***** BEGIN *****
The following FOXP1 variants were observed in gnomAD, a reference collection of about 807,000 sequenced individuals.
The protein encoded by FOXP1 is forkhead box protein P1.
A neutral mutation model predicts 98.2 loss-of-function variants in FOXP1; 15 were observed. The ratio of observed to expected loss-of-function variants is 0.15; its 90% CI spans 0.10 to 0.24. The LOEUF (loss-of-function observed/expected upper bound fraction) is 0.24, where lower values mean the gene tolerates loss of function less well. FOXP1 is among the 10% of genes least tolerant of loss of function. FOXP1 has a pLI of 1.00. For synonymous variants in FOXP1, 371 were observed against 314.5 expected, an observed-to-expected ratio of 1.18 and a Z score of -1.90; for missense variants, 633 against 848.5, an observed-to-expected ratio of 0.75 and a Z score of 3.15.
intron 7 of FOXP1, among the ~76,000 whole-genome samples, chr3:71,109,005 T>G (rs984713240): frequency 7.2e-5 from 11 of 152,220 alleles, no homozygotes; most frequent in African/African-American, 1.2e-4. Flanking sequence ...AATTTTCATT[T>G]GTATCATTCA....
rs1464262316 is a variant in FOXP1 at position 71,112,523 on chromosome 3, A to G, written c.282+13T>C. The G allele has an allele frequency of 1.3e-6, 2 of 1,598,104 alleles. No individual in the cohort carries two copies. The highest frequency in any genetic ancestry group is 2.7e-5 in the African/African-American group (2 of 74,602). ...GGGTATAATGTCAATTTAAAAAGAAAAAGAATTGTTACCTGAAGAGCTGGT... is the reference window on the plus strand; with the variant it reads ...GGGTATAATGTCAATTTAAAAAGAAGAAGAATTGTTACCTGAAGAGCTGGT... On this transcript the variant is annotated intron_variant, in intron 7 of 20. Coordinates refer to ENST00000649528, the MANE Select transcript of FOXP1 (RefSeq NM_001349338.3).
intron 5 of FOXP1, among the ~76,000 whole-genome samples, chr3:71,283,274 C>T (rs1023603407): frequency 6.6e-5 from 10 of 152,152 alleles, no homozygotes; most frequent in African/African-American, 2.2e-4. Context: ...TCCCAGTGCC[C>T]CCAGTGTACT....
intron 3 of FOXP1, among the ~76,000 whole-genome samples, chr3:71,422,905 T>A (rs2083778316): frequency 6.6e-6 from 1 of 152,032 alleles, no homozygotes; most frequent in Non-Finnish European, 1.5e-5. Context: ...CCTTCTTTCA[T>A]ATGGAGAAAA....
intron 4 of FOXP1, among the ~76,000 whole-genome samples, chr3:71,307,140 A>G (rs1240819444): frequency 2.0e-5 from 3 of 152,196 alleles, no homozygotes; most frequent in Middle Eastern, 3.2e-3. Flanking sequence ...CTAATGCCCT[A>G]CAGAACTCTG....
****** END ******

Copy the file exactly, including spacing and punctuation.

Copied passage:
The following FOXP1 variants were observed in gnomAD, a reference collection of about 807,000 sequenced individuals.
The protein encoded by FOXP1 is forkhead box protein P1.
A neutral mutation model predicts 98.2 loss-of-function variants in FOXP1; 15 were observed. The ratio of observed to expected loss-of-function variants is 0.15; its 90% CI spans 0.10 to 0.24. The LOEUF (loss-of-function observed/expected upper bound fraction) is 0.24, where lower values mean the gene tolerates loss of function less well. FOXP1 is among the 10% of genes least tolerant of loss of function. FOXP1 has a pLI of 1.00. For synonymous variants in FOXP1, 371 were observed against 314.5 expected, an observed-to-expected ratio of 1.18 and a Z score of -1.90; for missense variants, 633 against 848.5, an observed-to-expected ratio of 0.75 and a Z score of 3.15.
intron 7 of FOXP1, among the ~76,000 whole-genome samples, chr3:71,109,005 T>G (rs984713240): frequency 7.2e-5 from 11 of 152,220 alleles, no homozygotes; most frequent in African/African-American, 1.2e-4. Flanking sequence ...AATTTTCATT[T>G]GTATCATTCA....
rs1464262316 is a variant in FOXP1 at position 71,112,523 on chromosome 3, A to G, written c.282+13T>C. The G allele has an allele frequency of 1.3e-6, 2 of 1,598,104 alleles. No individual in the cohort carries two copies. The highest frequency in any genetic ancestry group is 2.7e-5 in the African/African-American group (2 of 74,602). ...GGGTATAATGTCAATTTAAAAAGAAAAAGAATTGTTACCTGAAGAGCTGGT... is the reference window on the plus strand; with the variant it reads ...GGGTATAATGTCAATTTAAAAAGAAGAAGAATTGTTACCTGAAGAGCTGGT... On this transcript the variant is annotated intron_variant, in intron 7 of 20. Coordinates refer to ENST00000649528, the MANE Select transcript of FOXP1 (RefSeq NM_001349338.3).
intron 5 of FOXP1, among the ~76,000 whole-genome samples, chr3:71,283,274 C>T (rs1023603407): frequency 6.6e-5 from 10 of 152,152 alleles, no homozygotes; most frequent in African/African-American, 2.2e-4. Context: ...TCCCAGTGCC[C>T]CCAGTGTACT....
intron 3 of FOXP1, among the ~76,000 whole-genome samples, chr3:71,422,905 T>A (rs2083778316): frequency 6.6e-6 from 1 of 152,032 alleles, no homozygotes; most frequent in Non-Finnish European, 1.5e-5. Context: ...CCTTCTTTCA[T>A]ATGGAGAAAA....
intron 4 of FOXP1, among the ~76,000 whole-genome samples, chr3:71,307,140 A>G (rs1240819444): frequency 2.0e-5 from 3 of 152,196 alleles, no homozygotes; most frequent in Middle Eastern, 3.2e-3. Flanking sequence ...CTAATGCCCT[A>G]CAGAACTCTG....